MEDFORD, Ore. – Tuesday started off the month of July as the hottest day of the year for many areas in Southern Oregon.
The heat is especially dangerous for people who spend most of the day working outside. In the past four years, 33 people received benefits through Oregon’s workers’ compensation system for heat-related illnesses. The majority of claims each year occur in July.
Oregon OSHA, a division of the Department of Consumer and Business Services, encourages employers and workers to learn the signs of heat illness and take precautions. A person overcome with heat exhaustion will still sweat but may experience extreme fatigue, nausea, lightheadedness, or a headache. The person could have clammy and moist skin, a pale complexion, and a normal or only slightly elevated body temperature. If heat exhaustion is not treated promptly, the illness could progress to heat stroke, and possibly even death.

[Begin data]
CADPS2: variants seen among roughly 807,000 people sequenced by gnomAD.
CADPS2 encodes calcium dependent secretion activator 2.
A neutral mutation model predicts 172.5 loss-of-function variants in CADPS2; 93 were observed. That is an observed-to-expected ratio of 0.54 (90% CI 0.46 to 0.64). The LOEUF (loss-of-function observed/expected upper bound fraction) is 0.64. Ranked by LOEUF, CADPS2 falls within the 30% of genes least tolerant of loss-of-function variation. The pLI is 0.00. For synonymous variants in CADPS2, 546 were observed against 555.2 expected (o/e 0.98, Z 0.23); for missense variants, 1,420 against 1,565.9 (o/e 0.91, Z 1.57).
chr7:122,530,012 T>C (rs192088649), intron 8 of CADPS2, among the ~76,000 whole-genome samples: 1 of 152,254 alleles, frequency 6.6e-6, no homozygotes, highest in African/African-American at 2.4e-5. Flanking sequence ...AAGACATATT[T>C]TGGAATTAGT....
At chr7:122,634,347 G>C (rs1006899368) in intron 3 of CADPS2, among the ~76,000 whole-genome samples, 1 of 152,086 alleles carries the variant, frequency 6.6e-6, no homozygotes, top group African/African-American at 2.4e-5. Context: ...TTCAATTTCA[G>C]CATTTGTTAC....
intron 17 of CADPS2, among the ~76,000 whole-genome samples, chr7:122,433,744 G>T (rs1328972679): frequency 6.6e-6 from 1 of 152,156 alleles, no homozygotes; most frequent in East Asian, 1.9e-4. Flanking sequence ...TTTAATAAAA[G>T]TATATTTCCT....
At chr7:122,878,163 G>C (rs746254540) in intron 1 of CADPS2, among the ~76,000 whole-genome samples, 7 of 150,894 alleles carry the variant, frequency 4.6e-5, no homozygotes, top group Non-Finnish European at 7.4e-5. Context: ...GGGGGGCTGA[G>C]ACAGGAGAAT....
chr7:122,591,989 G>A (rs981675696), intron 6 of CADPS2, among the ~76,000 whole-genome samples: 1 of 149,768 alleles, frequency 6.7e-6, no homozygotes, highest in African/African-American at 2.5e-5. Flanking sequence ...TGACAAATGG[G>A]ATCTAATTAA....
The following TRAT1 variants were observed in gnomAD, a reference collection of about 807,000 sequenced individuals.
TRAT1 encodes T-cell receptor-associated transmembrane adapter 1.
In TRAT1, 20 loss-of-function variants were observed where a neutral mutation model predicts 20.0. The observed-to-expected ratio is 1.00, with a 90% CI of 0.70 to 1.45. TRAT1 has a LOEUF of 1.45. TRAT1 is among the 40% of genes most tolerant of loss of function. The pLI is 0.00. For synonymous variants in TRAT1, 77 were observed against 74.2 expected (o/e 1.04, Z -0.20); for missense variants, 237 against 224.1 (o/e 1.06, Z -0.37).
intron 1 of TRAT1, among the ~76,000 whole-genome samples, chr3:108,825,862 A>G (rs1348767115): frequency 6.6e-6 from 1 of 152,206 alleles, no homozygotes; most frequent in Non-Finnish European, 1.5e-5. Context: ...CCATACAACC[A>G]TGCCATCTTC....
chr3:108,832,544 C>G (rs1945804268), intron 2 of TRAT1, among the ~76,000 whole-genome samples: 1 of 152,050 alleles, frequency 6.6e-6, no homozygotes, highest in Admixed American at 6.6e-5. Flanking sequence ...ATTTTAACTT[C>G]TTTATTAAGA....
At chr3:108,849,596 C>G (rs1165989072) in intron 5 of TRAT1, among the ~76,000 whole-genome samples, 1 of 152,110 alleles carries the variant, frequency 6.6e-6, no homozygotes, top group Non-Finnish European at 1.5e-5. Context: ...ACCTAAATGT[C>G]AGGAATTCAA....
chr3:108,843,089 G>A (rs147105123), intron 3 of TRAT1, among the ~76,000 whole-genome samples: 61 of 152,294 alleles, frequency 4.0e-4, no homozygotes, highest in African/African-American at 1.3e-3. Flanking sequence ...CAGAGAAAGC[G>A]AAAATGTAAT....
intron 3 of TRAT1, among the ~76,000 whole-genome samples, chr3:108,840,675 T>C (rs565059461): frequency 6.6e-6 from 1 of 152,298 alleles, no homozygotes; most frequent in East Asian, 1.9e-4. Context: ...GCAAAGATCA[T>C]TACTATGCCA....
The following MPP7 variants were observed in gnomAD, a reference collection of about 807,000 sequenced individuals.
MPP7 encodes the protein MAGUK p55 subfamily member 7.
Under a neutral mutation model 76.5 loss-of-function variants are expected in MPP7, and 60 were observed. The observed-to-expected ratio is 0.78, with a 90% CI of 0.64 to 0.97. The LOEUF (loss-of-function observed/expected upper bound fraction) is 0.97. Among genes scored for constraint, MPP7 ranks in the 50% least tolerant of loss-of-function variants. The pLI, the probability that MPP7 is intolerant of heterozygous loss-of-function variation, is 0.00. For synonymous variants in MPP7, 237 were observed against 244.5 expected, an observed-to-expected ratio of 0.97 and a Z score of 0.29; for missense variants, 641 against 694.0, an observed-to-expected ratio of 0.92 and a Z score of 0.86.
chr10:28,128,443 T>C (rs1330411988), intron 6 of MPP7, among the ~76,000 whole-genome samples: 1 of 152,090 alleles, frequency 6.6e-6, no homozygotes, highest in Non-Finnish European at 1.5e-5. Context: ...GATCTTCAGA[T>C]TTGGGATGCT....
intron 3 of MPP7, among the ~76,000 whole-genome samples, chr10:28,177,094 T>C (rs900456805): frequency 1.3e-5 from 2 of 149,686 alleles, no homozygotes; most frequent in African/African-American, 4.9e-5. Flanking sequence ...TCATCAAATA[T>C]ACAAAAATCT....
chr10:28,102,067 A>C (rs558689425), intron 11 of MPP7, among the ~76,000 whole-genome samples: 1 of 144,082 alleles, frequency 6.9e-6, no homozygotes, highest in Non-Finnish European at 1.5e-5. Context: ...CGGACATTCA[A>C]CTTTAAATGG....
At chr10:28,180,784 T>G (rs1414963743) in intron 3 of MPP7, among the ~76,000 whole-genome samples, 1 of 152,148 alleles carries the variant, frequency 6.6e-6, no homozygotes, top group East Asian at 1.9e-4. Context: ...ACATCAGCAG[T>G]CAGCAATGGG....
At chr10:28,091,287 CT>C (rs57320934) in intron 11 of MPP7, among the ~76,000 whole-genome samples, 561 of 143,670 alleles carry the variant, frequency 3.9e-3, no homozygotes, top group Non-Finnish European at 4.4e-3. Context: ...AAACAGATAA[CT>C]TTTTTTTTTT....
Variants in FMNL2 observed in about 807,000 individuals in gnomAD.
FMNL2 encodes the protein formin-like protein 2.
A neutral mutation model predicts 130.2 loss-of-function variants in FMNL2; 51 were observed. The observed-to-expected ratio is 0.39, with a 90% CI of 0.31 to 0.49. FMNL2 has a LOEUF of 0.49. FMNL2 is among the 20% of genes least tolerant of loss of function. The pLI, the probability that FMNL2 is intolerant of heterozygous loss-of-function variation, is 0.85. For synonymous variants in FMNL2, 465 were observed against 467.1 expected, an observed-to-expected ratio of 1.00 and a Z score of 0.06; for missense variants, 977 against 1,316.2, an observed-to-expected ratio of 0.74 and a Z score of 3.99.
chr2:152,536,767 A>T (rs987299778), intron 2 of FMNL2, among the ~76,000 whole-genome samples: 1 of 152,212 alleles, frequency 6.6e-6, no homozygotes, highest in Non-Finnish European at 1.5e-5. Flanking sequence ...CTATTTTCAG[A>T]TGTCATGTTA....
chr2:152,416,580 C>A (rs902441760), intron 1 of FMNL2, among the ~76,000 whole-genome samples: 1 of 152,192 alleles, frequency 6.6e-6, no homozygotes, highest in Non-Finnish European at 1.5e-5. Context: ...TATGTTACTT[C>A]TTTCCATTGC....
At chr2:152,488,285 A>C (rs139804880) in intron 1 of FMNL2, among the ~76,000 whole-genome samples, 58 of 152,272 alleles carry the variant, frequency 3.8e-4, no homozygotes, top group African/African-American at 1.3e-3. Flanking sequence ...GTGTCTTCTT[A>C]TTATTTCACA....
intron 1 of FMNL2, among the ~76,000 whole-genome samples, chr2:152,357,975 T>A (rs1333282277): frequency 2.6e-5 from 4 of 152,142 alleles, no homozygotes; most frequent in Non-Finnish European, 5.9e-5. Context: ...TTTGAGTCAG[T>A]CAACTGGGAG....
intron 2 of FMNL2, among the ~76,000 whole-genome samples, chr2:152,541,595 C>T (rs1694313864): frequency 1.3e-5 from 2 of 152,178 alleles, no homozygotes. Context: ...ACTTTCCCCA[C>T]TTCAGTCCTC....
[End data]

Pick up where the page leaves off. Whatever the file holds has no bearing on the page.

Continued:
NewsWatch12’s Kirstin O’Connor spoke with Dr. Anna Akita at Providence Medford Medical Center about how to recognize the warning signs.